Former ‘crucify them’ EPA leader met with environmentalists instead of testifying before Congress
Former Environmental Protection Agency Region 6 Administrator Al Armendariz skipped a scheduled appearance at a Congressional hearing Wednesday, but managed to squeeze a trip to the Sierra Club — in Washington, D.C., less than a quarter-mile from Capitol hill — into his busy day.
In a press release, Senate Committee on Environment and Public Works ranking Republican Sen. James Inhofe declared the “mystery is solved. Rather than testifying in the House and being accountable for carrying out the Obama EPA’s ‘crucify them’ agenda, it appears Mr. Armendariz may have had a job interview with the Sierra Club.”
The Oklahoma Republican added that “at least at the Sierra Club, Armendariz won’t run the risk of losing his job for telling the truth about President Obama’s real agenda.” (RELATED: Complete coverage of the Al Armendariz scandal)
National Journal first discovered Armendariz was in Washington on Wednesday when a reporter visited the Sierra Club’s headquarters: The former EPA administrator’s name, the newspaper reported, “was written on the sign-in sheet as having been the last person to visit the office. The visit apparently came only a few hours after Armendariz had infuriated Republicans on the House Energy and Commerce Committee when he canceled his scheduled testimony on EPA enforcement issues without offering a reason.”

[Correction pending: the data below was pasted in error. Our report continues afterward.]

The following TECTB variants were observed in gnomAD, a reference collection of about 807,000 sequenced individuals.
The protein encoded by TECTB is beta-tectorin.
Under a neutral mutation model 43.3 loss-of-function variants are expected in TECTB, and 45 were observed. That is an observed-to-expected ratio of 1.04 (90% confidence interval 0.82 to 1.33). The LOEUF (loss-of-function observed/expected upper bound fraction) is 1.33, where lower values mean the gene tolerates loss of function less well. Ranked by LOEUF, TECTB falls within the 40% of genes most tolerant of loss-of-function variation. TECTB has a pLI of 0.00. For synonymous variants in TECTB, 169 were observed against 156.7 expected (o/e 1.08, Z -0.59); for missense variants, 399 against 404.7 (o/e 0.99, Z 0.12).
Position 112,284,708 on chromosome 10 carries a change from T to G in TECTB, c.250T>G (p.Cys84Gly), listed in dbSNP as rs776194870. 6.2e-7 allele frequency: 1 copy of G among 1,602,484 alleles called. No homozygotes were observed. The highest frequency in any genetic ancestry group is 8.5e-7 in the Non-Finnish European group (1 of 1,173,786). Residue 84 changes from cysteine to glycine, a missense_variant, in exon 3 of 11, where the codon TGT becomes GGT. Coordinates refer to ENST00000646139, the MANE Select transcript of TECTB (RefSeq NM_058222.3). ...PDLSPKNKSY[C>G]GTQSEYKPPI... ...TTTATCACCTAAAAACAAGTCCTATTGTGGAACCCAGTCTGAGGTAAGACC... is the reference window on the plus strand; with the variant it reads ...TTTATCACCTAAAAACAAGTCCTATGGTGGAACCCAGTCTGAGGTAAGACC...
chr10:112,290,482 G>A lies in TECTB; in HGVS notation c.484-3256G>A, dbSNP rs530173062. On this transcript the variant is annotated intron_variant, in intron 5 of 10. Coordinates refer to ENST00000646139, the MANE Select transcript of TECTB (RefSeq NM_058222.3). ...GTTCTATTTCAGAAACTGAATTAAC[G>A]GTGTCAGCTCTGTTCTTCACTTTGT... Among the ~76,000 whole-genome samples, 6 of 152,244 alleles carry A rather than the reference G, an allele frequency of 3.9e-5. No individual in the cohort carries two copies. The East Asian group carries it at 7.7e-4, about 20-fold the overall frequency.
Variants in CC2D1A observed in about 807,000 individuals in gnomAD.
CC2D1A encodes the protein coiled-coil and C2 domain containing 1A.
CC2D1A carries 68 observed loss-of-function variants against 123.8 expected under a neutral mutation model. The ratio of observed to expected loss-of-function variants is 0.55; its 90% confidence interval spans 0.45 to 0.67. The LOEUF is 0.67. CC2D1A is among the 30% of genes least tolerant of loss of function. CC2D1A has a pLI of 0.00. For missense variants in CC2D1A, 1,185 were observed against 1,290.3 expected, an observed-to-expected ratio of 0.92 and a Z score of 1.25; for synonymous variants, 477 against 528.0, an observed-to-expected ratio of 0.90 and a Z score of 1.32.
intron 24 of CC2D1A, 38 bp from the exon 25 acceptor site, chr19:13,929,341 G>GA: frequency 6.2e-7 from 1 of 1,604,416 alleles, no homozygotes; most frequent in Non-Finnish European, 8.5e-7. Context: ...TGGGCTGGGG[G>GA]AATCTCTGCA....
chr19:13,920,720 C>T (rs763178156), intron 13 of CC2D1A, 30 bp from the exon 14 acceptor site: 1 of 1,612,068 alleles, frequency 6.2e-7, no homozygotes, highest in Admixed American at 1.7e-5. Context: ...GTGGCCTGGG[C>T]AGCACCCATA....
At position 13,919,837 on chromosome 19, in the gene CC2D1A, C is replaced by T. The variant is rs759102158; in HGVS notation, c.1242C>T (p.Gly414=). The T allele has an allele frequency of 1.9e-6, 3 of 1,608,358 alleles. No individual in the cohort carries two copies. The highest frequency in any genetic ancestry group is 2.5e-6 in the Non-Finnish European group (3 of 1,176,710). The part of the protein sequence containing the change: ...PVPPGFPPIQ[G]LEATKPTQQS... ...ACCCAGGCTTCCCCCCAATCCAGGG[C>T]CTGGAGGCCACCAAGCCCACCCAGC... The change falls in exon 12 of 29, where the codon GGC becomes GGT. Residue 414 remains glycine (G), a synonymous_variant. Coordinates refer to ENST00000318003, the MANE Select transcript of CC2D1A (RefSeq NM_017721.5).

Politico reported that Armendariz’s attorney had “simply said he would not be attending” the House hearing Wednesday, presumably without suggesting his client would be out of town and unavailable.
The Sierra Club has long been an Armendariz fan. Ken Kramer, the green group’s Texas chief, was none too pleased by his resignation.
“I think it’s unfortunate that he resigned, Kramer said, according to Houston Public Radio, “because there’s not going to be that personal commitment there on the part of an individual to really move us forward to try to clean up our air.”
Armendariz was recently forced to resign his EPA position after video footage surfaced of a speech he gave comparing the EPA’s enforcement agenda to Roman crucifixions. He was appointed to his former post by President Obama in 2009.